Elaine F. Marshall (D) and Michael LaPaglia (R) are both running for the Secretary of State office, campaigning on platforms of economic improvement.
Incumbent Elaine Marshall is the first woman to be elected Secretary of State in North Carolina.
In 1981, Marshall returned to school to study law at the Norman Adrian Wiggins School of Law at Campbell University, and earned her Juris Doctor degree. Marshall is a member of the North Carolina State Bar, the North Carolina Bar Association, the North Carolina Association of Women Attorneys, and the Delta Theta Phi legal fraternity.
Marshall was first elected to public office in 1992 as a member of the North Carolina Senate representing the 15th Senate District. In 1996, she ran for the post of NC Secretary of State against Republican and former stock car racer Richard Petty. She won the election by a margin of 53 percent to 45 percent, and became the first woman elected to a statewide executive office in NC history. Marshall has won reelection three times, and in 2008, she received the second highest vote total of any candidate in North Carolina.
Marshall’s campaign has largely focused on economic opportunity, creating an environment favorable for business. She has also attacked counterfeit trademarked goods and worked to protect elder citizens against fraud.
“Customer service is my priority for our office that serves all citizens without regard to if it’s a single individual or a national corporation,” Marshall stated on her website, “I’m proud that we’ve been honored by organizations as diverse as the US Chamber of Commerce, Common Cause, Royal Canadian Mounted Police, UL Laboratories, NFL, NHL, Triangle Business Journal, and NAWBO.”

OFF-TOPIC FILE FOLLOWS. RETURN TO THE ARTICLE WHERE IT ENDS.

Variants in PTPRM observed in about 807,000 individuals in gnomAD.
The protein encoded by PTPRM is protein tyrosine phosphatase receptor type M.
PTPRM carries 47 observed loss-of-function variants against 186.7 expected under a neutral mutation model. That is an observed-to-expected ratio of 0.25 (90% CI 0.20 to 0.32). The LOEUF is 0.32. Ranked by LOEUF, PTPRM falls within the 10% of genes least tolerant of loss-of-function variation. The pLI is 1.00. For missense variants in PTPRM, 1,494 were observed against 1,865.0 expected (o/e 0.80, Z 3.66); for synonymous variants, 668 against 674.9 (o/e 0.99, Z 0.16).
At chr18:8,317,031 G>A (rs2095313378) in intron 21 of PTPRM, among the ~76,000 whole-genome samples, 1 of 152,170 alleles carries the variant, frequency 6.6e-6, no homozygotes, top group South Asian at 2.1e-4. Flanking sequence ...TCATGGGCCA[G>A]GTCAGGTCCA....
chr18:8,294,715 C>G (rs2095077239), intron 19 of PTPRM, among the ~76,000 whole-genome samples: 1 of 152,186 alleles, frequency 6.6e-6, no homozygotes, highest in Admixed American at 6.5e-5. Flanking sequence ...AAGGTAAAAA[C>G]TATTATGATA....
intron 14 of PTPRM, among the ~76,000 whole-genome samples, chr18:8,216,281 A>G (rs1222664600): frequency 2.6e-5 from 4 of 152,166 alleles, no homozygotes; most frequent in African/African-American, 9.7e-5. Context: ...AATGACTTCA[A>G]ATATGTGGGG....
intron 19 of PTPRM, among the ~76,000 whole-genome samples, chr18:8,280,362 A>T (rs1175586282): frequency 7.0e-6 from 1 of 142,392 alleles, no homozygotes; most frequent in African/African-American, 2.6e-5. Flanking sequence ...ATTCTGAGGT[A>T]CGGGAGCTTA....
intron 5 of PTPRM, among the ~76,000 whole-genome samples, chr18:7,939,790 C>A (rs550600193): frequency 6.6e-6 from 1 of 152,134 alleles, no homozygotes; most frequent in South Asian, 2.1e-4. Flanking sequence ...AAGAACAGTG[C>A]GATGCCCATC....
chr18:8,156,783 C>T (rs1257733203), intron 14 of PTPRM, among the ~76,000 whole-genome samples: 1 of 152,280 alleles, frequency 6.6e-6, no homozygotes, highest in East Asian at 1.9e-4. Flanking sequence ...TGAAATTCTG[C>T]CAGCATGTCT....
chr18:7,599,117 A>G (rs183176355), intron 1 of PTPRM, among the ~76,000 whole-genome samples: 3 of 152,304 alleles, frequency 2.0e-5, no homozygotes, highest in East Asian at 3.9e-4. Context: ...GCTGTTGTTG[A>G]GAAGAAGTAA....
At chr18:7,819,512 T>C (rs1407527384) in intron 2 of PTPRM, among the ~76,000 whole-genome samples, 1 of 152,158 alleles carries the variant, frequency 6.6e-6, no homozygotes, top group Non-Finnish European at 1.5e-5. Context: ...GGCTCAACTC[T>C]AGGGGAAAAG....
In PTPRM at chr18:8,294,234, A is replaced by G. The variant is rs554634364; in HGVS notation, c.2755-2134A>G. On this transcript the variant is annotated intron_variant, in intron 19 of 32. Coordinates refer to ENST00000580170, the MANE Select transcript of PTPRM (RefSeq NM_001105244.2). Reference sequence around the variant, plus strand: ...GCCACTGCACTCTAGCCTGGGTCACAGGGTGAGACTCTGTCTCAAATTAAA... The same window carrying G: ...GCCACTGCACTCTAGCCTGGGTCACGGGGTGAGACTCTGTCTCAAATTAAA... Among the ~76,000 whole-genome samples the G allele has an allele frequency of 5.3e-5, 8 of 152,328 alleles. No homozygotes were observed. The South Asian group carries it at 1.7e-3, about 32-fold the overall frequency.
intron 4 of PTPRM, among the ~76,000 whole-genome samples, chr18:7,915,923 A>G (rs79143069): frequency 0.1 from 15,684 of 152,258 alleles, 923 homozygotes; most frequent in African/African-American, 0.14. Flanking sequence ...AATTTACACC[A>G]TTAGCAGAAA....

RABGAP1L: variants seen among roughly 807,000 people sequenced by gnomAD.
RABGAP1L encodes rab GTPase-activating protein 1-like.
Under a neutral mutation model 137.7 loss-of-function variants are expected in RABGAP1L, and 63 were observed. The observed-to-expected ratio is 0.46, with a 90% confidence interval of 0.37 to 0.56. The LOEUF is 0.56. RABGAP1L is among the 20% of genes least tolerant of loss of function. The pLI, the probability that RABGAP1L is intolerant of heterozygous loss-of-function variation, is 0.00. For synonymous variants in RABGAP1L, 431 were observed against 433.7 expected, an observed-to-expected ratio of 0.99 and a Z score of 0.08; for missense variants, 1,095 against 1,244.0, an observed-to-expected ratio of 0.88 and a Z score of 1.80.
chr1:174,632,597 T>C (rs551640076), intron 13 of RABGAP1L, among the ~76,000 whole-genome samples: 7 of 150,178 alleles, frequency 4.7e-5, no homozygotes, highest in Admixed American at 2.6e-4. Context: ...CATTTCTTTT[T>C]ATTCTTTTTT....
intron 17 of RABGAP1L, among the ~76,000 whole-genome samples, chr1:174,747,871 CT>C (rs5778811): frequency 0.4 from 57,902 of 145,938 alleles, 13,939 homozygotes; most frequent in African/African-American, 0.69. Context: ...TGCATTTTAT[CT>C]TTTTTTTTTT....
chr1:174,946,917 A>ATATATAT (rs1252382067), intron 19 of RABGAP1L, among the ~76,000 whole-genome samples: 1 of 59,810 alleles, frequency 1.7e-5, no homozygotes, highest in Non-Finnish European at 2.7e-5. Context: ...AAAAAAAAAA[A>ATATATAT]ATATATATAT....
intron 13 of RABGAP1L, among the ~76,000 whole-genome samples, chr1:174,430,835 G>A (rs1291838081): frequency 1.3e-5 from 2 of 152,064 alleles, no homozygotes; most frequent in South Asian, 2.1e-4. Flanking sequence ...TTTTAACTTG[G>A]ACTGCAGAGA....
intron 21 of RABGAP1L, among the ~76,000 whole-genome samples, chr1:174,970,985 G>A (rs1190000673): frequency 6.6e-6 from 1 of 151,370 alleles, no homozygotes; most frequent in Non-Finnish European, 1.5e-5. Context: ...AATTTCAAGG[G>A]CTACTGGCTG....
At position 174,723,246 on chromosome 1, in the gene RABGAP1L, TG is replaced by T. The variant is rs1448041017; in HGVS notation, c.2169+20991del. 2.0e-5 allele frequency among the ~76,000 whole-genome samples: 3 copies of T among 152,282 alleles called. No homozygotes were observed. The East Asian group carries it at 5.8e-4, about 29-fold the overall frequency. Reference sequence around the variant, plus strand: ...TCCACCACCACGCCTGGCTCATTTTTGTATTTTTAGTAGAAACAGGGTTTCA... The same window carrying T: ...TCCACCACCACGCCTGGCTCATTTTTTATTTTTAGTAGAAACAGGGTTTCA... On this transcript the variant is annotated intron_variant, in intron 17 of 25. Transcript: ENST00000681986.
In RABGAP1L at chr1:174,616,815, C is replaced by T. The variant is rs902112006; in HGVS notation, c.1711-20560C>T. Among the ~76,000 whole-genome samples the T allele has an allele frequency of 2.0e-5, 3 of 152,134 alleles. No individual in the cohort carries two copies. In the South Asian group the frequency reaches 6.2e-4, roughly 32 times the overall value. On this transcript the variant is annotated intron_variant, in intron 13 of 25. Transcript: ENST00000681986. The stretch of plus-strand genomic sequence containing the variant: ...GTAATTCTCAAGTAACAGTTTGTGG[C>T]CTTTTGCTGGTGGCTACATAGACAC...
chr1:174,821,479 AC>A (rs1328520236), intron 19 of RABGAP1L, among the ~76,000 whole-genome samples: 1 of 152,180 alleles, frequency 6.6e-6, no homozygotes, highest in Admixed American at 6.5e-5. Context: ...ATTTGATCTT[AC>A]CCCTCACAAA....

Marshall has been credited with bringing her office into the technological age by introducing e-commerce and providing online registration for lobbyists and businesses. Her work has been recognized by the U.S. Chamber of Commerce, the National Notary Association, and Campbell University. In 2007, Marshall served as president of the National Electronic Commerce Coordinating Council, an organization of public and private sector leaders whose aim is to identify technology practices that make government agencies more efficient, and modernize government services.
Marshall’s opponent for this election cycle is Republican Michael LaPaglia, who defeated AJ Daoud in the March 15 Republican primary.
LaPaglia graduated from Emory University with a B.A. in political science in 1994, and began working as a consultant at LaPaglia & Associates, eventually becoming the firm’s vice president in 1998. In 2008, LaPaglia became the Chief Executive Officer of LaPaglia & Associates.
LaPaglia is running on a platform of small government in that only entrepreneurs and businesses can create jobs. According to LaPaglia’s website, he hopes to win so he can “…retire the most liberal statewide official in North Carolina!”
LaPaglia’s campaign largely focuses on reducing unnecessary regulation to encourage business growth, citing his history in the business world as experience.
“We need a conservative in the Secretary of State’s office that will work to get government out of the way and allow North Carolina’s entrepreneurs and businesses owners to thrive,” LaPaglia stated on his official website.”
LaPaglia and Marshall will both be on the November election ballot.